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By 1851 there were 6,800 people living in the town.Iron works, as opposed to iron ore mines were opened in 1856 and the blast furnace lit up the night sky. Eventually there were six such furnaces in the area. The Earl of Lonsdale built the Lonsdale Dock in 1865, capable of taking ships up to 2,000 tons and making Workington an important harbour on the west coast for trade with Ireland and America. Despite the shipyard's closure in 1866 Workington was described in 1875 as "the richest town of its size in the Kingdom." and it continued to prosper. By 1881 the population of the town stood at 14,000. More were to come when in 1883 the Charles Cammel and Company Steel Works were built. Hundreds of workers were needed, resulting in the expansion of the town southward. The Steel Works used Henry Bessemer's steel making process, the first to do so in the world. The population in 1891 was 25,000.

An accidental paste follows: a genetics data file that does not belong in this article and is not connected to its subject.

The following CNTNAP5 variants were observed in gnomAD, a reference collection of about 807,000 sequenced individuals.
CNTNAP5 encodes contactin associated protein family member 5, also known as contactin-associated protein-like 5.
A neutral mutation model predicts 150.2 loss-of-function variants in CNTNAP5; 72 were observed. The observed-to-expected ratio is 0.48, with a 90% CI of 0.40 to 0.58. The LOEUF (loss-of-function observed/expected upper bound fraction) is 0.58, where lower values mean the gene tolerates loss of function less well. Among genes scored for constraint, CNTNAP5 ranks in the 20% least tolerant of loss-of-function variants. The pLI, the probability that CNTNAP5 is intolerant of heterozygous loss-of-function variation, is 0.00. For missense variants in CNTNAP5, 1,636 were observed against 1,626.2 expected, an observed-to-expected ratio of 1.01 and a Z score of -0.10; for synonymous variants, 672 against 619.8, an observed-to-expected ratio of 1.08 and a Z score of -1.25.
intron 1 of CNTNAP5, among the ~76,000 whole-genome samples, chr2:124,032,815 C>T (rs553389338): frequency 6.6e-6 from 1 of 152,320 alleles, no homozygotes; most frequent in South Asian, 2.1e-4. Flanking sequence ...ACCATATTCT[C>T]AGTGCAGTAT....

1920 saw the Lonsdale Dock enlarged and later, in 1927, the Prince of Wales Dock was opened, capable of taking ships of up to 10,000 tons. The building of this dock had a devastating effect on Maryport. Soon Workington too was suffering as the old industries of coal and iron mining declined. Nor did steel production get away unscathed. Workington has had to find other sources of income.

 

 

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